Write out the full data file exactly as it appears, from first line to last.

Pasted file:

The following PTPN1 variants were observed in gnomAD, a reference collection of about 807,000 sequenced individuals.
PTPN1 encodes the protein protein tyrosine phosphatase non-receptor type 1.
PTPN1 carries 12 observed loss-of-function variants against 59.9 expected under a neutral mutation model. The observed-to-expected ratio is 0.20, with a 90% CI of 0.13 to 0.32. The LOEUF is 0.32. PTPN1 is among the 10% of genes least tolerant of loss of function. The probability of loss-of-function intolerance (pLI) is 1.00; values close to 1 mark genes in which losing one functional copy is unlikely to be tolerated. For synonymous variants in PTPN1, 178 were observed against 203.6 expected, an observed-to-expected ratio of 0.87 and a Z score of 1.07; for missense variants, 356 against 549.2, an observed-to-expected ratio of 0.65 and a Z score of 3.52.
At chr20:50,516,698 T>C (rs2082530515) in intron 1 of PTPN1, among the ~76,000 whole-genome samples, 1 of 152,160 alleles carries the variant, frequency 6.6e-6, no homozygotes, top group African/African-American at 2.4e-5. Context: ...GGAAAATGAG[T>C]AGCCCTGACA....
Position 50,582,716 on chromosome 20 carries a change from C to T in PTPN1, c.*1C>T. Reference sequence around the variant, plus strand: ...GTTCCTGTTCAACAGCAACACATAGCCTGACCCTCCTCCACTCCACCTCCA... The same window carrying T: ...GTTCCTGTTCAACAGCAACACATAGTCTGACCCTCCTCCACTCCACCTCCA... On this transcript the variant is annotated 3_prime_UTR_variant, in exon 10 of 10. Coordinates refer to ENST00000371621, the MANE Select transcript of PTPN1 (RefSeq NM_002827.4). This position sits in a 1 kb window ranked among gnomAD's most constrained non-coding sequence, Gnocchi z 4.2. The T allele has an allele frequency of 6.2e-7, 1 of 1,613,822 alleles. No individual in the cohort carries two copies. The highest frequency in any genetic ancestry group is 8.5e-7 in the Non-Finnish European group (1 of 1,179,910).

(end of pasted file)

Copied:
The following PTPN1 variants were observed in gnomAD, a reference collection of about 807,000 sequenced individuals.
PTPN1 encodes the protein protein tyrosine phosphatase non-receptor type 1.
PTPN1 carries 12 observed loss-of-function variants against 59.9 expected under a neutral mutation model. The observed-to-expected ratio is 0.20, with a 90% CI of 0.13 to 0.32. The LOEUF is 0.32. PTPN1 is among the 10% of genes least tolerant of loss of function. The probability of loss-of-function intolerance (pLI) is 1.00; values close to 1 mark genes in which losing one functional copy is unlikely to be tolerated. For synonymous variants in PTPN1, 178 were observed against 203.6 expected, an observed-to-expected ratio of 0.87 and a Z score of 1.07; for missense variants, 356 against 549.2, an observed-to-expected ratio of 0.65 and a Z score of 3.52.
At chr20:50,516,698 T>C (rs2082530515) in intron 1 of PTPN1, among the ~76,000 whole-genome samples, 1 of 152,160 alleles carries the variant, frequency 6.6e-6, no homozygotes, top group African/African-American at 2.4e-5. Context: ...GGAAAATGAG[T>C]AGCCCTGACA....
Position 50,582,716 on chromosome 20 carries a change from C to T in PTPN1, c.*1C>T. Reference sequence around the variant, plus strand: ...GTTCCTGTTCAACAGCAACACATAGCCTGACCCTCCTCCACTCCACCTCCA... The same window carrying T: ...GTTCCTGTTCAACAGCAACACATAGTCTGACCCTCCTCCACTCCACCTCCA... On this transcript the variant is annotated 3_prime_UTR_variant, in exon 10 of 10. Coordinates refer to ENST00000371621, the MANE Select transcript of PTPN1 (RefSeq NM_002827.4). This position sits in a 1 kb window ranked among gnomAD's most constrained non-coding sequence, Gnocchi z 4.2. The T allele has an allele frequency of 6.2e-7, 1 of 1,613,822 alleles. No individual in the cohort carries two copies. The highest frequency in any genetic ancestry group is 8.5e-7 in the Non-Finnish European group (1 of 1,179,910).